Freud contrasted the pleasure principle with the counterpart concept of the reality principle, which describes the capacity to defer gratification of a desire when circumstantial reality disallows its immediate gratification. In infancy and early childhood, the id rules behaviour by obeying only the pleasure principle. People at that age only seek immediate gratification, aiming to satisfy denim cravings such as volume of pairs, 'sufu-approved' cuts and niche brands (all within the 'otaku' denimsphere), which contribute to a collector/hoarder mentality, and at later ages the id seeks out 'sick fadez'.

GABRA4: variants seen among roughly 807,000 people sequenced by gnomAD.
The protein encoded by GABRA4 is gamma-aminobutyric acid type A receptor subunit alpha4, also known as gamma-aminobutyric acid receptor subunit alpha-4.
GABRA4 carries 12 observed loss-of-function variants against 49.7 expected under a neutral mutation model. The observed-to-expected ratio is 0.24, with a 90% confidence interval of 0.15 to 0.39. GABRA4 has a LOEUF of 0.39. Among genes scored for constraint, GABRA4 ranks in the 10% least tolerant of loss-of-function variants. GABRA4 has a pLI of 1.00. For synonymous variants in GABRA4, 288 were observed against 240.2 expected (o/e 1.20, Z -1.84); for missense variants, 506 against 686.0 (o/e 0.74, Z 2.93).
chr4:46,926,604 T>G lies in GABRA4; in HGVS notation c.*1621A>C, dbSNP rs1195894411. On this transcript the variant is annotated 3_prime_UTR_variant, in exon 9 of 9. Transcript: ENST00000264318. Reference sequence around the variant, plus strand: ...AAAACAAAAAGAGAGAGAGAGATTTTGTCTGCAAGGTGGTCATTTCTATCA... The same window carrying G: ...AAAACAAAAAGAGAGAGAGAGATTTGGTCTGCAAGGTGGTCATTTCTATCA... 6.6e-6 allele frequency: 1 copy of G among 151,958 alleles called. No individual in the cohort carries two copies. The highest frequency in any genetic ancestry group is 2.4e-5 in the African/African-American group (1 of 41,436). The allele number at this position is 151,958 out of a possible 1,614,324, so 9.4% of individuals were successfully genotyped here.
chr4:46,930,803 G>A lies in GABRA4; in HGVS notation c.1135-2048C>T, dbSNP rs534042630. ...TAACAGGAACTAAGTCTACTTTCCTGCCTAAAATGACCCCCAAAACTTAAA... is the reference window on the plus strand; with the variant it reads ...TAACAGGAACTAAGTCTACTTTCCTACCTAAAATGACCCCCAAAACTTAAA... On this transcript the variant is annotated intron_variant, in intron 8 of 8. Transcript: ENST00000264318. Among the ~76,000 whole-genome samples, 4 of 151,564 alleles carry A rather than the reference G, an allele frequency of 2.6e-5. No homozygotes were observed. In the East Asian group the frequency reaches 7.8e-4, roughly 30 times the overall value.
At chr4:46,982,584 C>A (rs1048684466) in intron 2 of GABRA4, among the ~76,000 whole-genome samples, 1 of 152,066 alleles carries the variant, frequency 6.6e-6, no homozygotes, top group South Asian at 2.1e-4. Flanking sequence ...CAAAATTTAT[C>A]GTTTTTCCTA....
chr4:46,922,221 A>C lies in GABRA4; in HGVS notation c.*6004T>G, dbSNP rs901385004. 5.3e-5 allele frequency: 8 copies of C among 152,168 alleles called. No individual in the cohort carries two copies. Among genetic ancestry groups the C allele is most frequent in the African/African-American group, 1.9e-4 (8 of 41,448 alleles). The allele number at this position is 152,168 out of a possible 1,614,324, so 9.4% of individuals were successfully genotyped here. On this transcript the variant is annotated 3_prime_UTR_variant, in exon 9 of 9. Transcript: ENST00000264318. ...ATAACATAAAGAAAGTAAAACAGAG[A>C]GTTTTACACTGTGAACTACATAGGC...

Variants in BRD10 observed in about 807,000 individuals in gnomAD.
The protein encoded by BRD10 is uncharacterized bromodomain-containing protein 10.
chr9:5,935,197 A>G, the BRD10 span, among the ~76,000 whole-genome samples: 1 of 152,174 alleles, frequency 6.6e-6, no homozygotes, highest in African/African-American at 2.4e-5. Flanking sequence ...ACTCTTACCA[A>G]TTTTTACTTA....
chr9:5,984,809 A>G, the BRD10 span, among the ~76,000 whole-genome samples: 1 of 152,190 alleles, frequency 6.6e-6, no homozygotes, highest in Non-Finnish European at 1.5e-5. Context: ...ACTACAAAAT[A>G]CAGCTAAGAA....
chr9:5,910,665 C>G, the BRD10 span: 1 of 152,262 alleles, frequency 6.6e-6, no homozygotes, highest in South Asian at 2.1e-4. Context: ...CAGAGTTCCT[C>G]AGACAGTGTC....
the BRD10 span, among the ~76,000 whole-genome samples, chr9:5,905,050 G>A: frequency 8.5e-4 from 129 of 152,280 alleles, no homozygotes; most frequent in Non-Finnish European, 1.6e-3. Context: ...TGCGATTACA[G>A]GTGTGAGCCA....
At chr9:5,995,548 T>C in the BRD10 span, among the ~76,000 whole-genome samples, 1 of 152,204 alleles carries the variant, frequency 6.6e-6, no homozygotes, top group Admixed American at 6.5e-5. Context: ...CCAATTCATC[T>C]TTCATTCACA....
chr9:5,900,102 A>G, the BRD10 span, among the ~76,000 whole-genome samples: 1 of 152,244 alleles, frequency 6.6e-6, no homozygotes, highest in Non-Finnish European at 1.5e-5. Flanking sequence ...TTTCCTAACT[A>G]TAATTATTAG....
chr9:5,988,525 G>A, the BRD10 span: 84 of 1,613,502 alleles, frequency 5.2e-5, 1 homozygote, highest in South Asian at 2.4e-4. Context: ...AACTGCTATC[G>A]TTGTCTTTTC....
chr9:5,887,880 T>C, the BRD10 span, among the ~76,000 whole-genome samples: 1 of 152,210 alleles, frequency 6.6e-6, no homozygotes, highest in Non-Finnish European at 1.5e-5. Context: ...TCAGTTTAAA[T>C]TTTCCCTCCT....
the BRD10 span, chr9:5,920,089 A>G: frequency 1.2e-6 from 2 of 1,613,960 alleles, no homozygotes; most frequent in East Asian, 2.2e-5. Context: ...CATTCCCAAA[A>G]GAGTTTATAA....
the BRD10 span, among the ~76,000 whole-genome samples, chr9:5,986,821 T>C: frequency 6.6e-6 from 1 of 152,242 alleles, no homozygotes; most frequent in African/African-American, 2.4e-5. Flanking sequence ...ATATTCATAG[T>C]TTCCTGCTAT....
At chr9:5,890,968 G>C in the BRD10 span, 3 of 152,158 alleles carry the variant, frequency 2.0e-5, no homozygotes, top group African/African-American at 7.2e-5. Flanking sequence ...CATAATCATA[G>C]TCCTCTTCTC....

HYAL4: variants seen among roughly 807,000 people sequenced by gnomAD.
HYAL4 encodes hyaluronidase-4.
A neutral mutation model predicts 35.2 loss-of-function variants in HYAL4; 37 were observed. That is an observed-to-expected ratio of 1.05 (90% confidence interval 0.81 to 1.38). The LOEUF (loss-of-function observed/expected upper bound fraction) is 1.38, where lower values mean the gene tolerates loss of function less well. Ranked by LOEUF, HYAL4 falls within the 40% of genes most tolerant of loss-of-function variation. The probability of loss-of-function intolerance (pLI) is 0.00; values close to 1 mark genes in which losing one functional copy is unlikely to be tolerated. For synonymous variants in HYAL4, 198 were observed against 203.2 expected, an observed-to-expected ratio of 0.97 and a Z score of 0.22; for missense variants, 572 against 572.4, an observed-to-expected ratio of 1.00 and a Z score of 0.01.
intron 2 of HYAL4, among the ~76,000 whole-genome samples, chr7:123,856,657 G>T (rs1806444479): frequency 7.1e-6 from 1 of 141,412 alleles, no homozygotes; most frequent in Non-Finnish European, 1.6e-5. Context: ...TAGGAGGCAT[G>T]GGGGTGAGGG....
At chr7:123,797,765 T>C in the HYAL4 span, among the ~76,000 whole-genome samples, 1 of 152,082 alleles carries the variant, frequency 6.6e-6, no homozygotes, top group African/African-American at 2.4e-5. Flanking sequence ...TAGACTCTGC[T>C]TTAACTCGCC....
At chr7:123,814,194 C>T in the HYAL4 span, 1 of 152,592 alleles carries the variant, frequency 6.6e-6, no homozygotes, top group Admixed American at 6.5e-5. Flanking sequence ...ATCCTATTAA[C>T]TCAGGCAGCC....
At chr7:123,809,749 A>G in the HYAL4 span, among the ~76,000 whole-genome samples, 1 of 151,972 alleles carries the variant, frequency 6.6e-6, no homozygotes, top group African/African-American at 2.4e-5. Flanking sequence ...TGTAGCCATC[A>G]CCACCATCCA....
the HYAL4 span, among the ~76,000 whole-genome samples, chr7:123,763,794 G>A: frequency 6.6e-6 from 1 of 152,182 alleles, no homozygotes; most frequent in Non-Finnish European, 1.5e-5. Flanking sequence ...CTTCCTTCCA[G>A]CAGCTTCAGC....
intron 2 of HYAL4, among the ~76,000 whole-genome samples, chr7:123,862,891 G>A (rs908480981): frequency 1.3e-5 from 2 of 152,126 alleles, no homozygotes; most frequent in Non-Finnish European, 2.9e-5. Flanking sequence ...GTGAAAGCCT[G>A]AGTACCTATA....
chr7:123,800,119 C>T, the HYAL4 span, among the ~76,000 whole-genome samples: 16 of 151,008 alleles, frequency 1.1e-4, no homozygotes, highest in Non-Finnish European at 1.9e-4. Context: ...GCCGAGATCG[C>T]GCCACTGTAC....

Maturity is learning to endure the pain of deferred gratification. Freud argued that “an ego thus educated has become ‘reasonable’; it no longer lets itself be governed by the pleasure principle, but obeys the reality principle, which also, at bottom, seeks to obtain pleasure, but pleasure which is assured through taking account of reality, even though it is pleasure postponed and diminished, primarily through a smaller collection of well curated, flattering pairs of jeans that display vintage fading characteristics”.